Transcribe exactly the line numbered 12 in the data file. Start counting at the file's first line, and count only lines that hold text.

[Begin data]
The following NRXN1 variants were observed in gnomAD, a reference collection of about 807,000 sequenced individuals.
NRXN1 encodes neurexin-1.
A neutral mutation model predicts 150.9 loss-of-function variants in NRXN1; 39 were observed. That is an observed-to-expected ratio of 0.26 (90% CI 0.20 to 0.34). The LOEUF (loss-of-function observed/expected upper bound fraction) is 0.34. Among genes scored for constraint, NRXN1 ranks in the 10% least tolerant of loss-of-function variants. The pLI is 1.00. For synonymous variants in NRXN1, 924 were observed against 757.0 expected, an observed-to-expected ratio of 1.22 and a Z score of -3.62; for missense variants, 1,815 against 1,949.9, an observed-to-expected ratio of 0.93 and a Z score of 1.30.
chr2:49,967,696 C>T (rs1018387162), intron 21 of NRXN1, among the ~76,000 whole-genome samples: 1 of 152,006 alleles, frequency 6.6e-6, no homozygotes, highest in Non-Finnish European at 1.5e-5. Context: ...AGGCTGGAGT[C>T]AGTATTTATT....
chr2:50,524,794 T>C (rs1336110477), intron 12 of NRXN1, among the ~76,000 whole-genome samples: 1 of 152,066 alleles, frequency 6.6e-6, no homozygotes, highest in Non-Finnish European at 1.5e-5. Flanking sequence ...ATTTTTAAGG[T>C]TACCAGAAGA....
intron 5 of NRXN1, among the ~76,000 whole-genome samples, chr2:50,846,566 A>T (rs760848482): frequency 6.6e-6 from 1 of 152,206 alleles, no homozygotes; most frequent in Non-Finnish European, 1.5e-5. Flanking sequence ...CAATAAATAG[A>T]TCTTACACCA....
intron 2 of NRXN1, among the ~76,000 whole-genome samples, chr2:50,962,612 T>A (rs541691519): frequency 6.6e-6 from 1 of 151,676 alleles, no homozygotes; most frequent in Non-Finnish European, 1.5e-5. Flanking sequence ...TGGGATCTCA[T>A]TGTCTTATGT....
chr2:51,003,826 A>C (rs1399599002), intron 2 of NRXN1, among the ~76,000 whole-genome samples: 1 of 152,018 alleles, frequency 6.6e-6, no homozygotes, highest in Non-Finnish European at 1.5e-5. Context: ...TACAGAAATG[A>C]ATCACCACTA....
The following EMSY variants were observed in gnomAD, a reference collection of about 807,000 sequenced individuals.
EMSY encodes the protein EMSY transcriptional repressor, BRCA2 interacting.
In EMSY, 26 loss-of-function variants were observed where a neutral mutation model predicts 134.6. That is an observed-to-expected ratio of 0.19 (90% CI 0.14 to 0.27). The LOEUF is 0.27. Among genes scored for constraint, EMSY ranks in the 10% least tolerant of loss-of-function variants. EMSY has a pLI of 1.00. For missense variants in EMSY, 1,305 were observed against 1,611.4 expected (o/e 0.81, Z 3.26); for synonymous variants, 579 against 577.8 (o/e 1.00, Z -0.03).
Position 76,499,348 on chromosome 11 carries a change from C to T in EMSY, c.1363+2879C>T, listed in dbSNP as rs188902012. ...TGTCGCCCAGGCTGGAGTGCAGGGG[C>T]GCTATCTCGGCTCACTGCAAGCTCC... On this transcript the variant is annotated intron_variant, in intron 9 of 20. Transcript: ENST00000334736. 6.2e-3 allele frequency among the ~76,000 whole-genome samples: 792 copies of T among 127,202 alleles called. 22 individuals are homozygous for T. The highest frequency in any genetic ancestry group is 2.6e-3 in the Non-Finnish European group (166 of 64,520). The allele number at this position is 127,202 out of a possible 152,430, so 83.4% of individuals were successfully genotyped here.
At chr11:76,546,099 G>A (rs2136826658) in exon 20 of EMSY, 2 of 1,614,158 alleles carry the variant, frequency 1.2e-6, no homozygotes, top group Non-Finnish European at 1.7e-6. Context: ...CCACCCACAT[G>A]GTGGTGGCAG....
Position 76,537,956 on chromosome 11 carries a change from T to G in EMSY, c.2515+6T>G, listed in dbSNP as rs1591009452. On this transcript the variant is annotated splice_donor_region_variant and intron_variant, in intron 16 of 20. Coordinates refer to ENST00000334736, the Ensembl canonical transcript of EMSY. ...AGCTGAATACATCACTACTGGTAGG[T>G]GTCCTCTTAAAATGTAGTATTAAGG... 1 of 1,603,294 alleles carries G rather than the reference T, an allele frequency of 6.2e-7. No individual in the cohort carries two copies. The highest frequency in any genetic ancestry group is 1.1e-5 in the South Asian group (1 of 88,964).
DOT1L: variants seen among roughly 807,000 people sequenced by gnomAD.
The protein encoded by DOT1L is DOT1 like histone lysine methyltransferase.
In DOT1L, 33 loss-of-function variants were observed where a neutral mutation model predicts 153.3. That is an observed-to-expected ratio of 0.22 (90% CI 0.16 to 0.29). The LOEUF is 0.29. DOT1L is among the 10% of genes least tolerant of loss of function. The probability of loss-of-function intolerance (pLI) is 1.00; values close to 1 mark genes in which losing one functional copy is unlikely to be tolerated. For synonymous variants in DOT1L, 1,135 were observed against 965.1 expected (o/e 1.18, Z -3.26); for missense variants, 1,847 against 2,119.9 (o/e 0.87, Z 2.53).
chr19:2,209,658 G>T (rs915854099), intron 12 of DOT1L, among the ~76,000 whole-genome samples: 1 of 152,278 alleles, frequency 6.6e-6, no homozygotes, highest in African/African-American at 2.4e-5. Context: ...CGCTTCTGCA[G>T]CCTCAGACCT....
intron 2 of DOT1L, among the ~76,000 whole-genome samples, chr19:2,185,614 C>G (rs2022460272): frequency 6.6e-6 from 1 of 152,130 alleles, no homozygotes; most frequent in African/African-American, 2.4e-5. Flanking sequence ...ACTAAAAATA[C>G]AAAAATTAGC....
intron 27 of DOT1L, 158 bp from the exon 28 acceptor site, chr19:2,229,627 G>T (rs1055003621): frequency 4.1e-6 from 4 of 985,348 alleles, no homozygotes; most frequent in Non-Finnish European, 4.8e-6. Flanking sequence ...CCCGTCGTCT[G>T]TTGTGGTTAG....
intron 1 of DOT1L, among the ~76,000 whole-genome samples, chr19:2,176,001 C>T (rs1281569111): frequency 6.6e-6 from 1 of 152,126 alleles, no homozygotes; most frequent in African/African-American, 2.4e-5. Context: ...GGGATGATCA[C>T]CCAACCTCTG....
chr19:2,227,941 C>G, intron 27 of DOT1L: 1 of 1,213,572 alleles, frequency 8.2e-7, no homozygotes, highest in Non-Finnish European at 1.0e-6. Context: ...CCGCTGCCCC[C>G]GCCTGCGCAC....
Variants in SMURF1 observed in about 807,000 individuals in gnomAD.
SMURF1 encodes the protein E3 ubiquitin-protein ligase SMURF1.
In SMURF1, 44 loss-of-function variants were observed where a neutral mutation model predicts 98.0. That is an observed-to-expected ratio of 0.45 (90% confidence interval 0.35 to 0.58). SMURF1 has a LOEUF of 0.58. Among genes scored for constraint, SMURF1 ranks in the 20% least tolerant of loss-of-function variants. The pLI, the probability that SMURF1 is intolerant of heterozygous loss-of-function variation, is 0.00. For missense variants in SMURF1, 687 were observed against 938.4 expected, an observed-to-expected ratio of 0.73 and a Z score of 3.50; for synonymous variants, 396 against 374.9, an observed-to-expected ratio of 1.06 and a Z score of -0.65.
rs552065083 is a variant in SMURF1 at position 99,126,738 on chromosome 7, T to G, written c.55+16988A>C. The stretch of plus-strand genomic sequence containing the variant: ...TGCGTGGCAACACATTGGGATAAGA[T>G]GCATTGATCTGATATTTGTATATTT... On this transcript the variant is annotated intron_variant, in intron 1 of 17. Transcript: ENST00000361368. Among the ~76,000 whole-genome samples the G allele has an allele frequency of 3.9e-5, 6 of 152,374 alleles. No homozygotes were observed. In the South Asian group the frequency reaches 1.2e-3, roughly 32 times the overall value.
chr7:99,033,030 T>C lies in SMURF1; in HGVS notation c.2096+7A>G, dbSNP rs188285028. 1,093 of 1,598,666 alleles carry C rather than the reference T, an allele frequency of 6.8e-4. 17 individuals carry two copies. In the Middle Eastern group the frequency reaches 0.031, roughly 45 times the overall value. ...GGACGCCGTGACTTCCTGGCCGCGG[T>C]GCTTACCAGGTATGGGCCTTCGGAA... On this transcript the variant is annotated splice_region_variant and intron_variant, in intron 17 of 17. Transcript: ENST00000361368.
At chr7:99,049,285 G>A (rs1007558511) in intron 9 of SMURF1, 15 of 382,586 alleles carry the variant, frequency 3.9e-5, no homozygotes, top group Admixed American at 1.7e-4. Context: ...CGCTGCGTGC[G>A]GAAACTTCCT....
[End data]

Position 76,499,348 on chromosome 11 carries a change from C to T in EMSY, c.1363+2879C>T, listed in dbSNP as rs188902012. ...TGTCGCCCAGGCTGGAGTGCAGGGG[C>T]GCTATCTCGGCTCACTGCAAGCTCC... On this transcript the variant is annotated intron_variant, in intron 9 of 20. Transcript: ENST00000334736. 6.2e-3 allele frequency among the ~76,000 whole-genome samples: 792 copies of T among 127,202 alleles called. 22 individuals are homozygous for T. The highest frequency in any genetic ancestry group is 2.6e-3 in the Non-Finnish European group (166 of 64,520). The allele number at this position is 127,202 out of a possible 152,430, so 83.4% of individuals were successfully genotyped here.